Abhor



to regard with extreme repugnance or aversion; detest utterly; loathe; abominate.
Contemporary Examples

I rarely mention Hamas without saying that I abhor its values.
What Shmuley Boteach Doesn’t Understand Peter Beinart June 13, 2013

Liberals are supposed to abhor that sort of thing and find less loaded terms where they can.
‘Neoconservative’ Needs to Be Retired. Why Not Try ‘Imperialist’? Peter Beinart June 4, 2013

I abhor the Hamas charter with its anti-Semitic, anti-Zionist, anti-Western, anti-democratic call for a Judenrein Palestine.
Sheltered In Jerusalem Gil Troy November 16, 2012

Conservatives may abhor affirmative action, but they adore tokenism.
An Affirmative Action Pick Dana Goldstein May 25, 2009

They claim worshipping at graves and shrines is un-Islamic and idolatrous and abhor the Sufi use of music and dance.
Ultraconservative Salafists Destroy Sufi Landmarks in Libya Jamie Dettmer September 3, 2012

Historical Examples

The floors I abhor, made of red tiles in the shape of Mrs. Quincy’s floor-cloth tiles.
Abigail Adams and Her Times Laura Elizabeth Howe Richards

It is only for being what is called by that name that I abhor him.
Malbone Thomas Wentworth Higginson

Their sole cosmetic consisted in unguents, which we now abhor as characteristic of the Hottentots.
A World of Wonders Various

I should abhor these clandestine correspondences, were they not forced upon me.
Clarissa, Volume 1 (of 9) Samuel Richardson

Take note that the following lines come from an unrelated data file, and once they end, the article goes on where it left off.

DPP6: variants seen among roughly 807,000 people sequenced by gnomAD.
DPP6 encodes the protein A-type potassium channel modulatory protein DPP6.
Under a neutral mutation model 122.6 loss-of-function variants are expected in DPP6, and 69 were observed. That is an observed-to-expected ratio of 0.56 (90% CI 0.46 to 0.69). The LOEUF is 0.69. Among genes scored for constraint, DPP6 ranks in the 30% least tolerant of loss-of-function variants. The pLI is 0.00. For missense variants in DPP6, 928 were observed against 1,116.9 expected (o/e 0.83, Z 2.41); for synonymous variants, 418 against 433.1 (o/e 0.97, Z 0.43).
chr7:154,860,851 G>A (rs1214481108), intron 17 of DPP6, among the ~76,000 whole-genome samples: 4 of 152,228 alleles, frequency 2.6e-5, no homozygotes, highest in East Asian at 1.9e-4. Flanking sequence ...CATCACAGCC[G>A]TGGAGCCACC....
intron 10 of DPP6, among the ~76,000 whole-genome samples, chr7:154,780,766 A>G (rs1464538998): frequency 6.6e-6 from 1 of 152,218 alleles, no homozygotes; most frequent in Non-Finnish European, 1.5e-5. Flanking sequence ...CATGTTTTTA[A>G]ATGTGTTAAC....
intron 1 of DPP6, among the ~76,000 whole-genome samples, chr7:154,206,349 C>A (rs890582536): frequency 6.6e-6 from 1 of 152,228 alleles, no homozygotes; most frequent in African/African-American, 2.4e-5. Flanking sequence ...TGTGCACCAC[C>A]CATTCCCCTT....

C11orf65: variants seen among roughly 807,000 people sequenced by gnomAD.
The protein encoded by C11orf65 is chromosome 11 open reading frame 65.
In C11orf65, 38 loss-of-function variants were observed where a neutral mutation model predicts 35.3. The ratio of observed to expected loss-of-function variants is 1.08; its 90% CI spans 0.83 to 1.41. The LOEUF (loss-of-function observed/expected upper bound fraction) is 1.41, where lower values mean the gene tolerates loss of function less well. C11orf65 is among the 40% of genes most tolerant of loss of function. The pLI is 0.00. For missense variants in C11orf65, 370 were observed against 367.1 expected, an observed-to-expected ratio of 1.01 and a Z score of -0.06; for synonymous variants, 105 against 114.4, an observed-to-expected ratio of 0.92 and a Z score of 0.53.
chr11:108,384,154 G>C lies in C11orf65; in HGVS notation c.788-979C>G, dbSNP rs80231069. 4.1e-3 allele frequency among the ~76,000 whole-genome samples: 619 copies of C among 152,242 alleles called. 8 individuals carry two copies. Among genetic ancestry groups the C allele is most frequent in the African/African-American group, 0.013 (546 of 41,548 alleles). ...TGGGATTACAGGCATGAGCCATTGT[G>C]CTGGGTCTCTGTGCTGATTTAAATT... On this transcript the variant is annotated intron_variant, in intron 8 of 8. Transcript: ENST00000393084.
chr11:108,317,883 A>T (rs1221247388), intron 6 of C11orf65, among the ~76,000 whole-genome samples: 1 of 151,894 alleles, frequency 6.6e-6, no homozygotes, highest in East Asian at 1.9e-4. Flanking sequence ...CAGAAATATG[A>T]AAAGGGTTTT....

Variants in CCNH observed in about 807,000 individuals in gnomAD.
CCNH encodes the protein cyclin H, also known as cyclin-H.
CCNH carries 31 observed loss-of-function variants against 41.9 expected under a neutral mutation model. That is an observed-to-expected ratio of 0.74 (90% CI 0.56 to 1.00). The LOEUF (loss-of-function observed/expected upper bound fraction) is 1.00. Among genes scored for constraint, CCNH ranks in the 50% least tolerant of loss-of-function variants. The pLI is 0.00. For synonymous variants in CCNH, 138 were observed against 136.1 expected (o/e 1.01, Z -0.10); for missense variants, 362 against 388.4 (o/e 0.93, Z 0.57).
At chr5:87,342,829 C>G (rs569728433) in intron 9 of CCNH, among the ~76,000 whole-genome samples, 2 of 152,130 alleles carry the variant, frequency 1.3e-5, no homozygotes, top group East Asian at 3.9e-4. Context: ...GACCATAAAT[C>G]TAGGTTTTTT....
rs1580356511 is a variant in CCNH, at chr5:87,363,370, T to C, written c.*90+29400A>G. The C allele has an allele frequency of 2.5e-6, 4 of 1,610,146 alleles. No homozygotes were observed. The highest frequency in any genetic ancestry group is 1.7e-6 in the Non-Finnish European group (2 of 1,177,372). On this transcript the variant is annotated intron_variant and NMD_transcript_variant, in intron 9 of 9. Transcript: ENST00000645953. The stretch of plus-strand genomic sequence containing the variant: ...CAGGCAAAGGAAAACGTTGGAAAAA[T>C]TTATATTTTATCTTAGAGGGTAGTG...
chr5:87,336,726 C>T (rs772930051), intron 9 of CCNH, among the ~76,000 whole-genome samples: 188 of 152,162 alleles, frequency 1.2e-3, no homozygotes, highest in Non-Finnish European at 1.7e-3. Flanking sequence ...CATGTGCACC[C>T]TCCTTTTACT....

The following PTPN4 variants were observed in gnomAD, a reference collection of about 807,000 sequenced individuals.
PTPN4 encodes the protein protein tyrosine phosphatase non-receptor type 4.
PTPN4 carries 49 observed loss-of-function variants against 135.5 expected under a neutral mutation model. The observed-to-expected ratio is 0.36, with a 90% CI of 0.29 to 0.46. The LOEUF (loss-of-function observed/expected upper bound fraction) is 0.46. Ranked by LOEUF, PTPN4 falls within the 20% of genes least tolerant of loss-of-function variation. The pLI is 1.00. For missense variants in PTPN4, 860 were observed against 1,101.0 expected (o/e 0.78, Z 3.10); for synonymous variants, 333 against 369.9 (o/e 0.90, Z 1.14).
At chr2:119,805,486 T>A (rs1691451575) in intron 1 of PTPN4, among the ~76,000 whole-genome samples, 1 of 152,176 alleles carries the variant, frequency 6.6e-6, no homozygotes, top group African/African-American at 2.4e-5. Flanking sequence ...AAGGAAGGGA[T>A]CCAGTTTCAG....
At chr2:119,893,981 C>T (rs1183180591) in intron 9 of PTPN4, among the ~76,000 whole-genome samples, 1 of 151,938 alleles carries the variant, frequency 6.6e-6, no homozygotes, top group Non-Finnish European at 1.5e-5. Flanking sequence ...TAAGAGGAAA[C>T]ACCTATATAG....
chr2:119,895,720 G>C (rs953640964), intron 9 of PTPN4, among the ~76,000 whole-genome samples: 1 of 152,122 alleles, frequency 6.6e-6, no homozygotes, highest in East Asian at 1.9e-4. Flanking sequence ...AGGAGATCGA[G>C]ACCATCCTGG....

I despise a weak woman, I hate a masculine one, and a pedantic one I abhor.
Love After Marriage; and Other Stories of the Heart Caroline Lee Hentz

verb -hors, -horring, -horred
(transitive) to detest vehemently; find repugnant; reject
v.

mid-15c., from Latin abhorrere “shrink back from, have an aversion for, shudder at,” from ab- “away” (see ab-) + horrere “tremble at, shudder,” literally “to bristle, be shaggy,” from PIE *ghers- “start out, stand out, rise to a point, bristle” (see horror). Related: Abhorred; abhorring.

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  • Abhorrent

    causing repugnance; detestable; loathsome: an abhorrent deed. utterly opposed, or contrary, or in conflict (usually followed by to): abhorrent to reason. feeling extreme repugnance or aversion (usually followed by of): abhorrent of waste. remote in character (usually followed by from): abhorrent from the principles of law. Contemporary Examples In that interview, Paul made it a […]

  • Abhorred

    to regard with extreme repugnance or aversion; detest utterly; loathe; abominate. Contemporary Examples But unlike his father, who abhorred politics, Baraka has spent most of his life in the political realm. The Leak of a Mysterious Video Could Change the Outcome of Newark’s Mayor’s Race Charles Upton Sahm May 4, 2014 As he wrote, “When […]



  • Abhorrence

    a feeling of extreme repugnance or aversion; utter loathing; abomination. something or someone extremely repugnant or loathsome. Contemporary Examples For all his caustic polemics, Kristol had an abhorrence of finding himself in the minority. Glenn Beck’s Creator Lee Siegel September 25, 2009 Historical Examples Have I beheld sin with an abhorrence far greater than the […]

  • Abhorrently

    causing repugnance; detestable; loathsome: an abhorrent deed. utterly opposed, or contrary, or in conflict (usually followed by to): abhorrent to reason. feeling extreme repugnance or aversion (usually followed by of): abhorrent of waste. remote in character (usually followed by from): abhorrent from the principles of law. adjective repugnant; loathsome when postpositive, foll by of. feeling […]



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